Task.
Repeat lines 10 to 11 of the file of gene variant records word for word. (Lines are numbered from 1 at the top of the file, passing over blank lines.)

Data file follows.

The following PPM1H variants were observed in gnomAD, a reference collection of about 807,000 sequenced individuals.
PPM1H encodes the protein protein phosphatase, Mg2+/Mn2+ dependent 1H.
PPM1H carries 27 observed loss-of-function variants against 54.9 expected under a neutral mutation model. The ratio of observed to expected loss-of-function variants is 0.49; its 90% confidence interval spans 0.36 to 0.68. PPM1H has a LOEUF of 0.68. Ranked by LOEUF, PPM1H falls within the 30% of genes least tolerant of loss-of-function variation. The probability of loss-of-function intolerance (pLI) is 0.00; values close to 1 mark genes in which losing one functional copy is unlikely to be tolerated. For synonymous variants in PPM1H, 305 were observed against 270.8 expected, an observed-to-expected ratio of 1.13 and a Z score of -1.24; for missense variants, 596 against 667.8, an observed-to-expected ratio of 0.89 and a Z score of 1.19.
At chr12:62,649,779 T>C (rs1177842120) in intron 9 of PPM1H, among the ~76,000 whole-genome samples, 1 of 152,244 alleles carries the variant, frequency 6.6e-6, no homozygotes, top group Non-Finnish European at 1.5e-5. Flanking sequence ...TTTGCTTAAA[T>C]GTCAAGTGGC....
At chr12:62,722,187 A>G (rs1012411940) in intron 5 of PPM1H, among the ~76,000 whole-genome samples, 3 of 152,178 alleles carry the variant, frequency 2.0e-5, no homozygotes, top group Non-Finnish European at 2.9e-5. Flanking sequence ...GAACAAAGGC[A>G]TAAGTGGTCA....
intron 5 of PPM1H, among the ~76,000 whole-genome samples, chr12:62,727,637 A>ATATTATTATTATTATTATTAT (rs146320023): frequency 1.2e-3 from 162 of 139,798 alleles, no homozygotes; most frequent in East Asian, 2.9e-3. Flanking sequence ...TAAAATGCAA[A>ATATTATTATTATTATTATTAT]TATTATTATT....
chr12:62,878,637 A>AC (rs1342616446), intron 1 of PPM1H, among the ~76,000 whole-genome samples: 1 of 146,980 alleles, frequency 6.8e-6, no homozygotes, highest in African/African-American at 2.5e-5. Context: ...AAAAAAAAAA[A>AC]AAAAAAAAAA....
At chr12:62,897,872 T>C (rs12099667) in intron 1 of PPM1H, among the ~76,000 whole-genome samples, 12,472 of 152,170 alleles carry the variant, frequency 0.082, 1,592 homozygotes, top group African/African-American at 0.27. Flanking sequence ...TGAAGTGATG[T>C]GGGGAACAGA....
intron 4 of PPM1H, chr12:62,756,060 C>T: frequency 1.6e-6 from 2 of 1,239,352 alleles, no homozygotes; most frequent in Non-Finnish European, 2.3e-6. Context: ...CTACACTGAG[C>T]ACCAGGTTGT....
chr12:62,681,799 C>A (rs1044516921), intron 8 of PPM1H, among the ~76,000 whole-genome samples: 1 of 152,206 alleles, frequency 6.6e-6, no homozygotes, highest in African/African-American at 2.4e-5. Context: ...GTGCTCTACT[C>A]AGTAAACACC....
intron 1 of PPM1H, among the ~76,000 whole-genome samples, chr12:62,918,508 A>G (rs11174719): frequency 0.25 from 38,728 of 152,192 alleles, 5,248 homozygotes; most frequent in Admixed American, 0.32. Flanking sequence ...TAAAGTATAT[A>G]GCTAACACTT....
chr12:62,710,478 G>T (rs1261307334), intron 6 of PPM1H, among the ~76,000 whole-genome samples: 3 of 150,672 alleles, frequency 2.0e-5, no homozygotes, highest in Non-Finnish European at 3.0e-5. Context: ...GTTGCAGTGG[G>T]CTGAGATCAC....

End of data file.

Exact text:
chr12:62,681,799 C>A (rs1044516921), intron 8 of PPM1H, among the ~76,000 whole-genome samples: 1 of 152,206 alleles, frequency 6.6e-6, no homozygotes, highest in African/African-American at 2.4e-5. Context: ...GTGCTCTACT[C>A]AGTAAACACC....
intron 1 of PPM1H, among the ~76,000 whole-genome samples, chr12:62,918,508 A>G (rs11174719): frequency 0.25 from 38,728 of 152,192 alleles, 5,248 homozygotes; most frequent in Admixed American, 0.32. Flanking sequence ...TAAAGTATAT[A>G]GCTAACACTT....